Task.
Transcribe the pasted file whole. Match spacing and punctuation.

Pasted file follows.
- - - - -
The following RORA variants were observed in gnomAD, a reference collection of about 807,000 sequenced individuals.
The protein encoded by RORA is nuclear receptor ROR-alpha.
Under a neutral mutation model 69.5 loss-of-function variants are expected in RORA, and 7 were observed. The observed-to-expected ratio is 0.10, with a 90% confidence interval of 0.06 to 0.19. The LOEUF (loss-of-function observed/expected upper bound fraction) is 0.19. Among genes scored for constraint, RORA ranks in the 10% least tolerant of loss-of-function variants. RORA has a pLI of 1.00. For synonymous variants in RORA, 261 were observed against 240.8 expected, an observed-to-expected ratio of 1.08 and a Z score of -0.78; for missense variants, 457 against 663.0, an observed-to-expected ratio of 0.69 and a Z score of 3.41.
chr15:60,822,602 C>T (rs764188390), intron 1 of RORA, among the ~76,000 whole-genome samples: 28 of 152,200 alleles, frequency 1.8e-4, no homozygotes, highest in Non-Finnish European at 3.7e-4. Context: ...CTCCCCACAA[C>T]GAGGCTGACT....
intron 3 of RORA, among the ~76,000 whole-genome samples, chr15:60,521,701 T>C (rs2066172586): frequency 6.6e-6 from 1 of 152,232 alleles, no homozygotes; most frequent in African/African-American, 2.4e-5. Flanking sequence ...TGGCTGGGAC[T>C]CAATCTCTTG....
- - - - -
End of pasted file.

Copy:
The following RORA variants were observed in gnomAD, a reference collection of about 807,000 sequenced individuals.
The protein encoded by RORA is nuclear receptor ROR-alpha.
Under a neutral mutation model 69.5 loss-of-function variants are expected in RORA, and 7 were observed. The observed-to-expected ratio is 0.10, with a 90% confidence interval of 0.06 to 0.19. The LOEUF (loss-of-function observed/expected upper bound fraction) is 0.19. Among genes scored for constraint, RORA ranks in the 10% least tolerant of loss-of-function variants. RORA has a pLI of 1.00. For synonymous variants in RORA, 261 were observed against 240.8 expected, an observed-to-expected ratio of 1.08 and a Z score of -0.78; for missense variants, 457 against 663.0, an observed-to-expected ratio of 0.69 and a Z score of 3.41.
chr15:60,822,602 C>T (rs764188390), intron 1 of RORA, among the ~76,000 whole-genome samples: 28 of 152,200 alleles, frequency 1.8e-4, no homozygotes, highest in Non-Finnish European at 3.7e-4. Context: ...CTCCCCACAA[C>T]GAGGCTGACT....
intron 3 of RORA, among the ~76,000 whole-genome samples, chr15:60,521,701 T>C (rs2066172586): frequency 6.6e-6 from 1 of 152,232 alleles, no homozygotes; most frequent in African/African-American, 2.4e-5. Flanking sequence ...TGGCTGGGAC[T>C]CAATCTCTTG....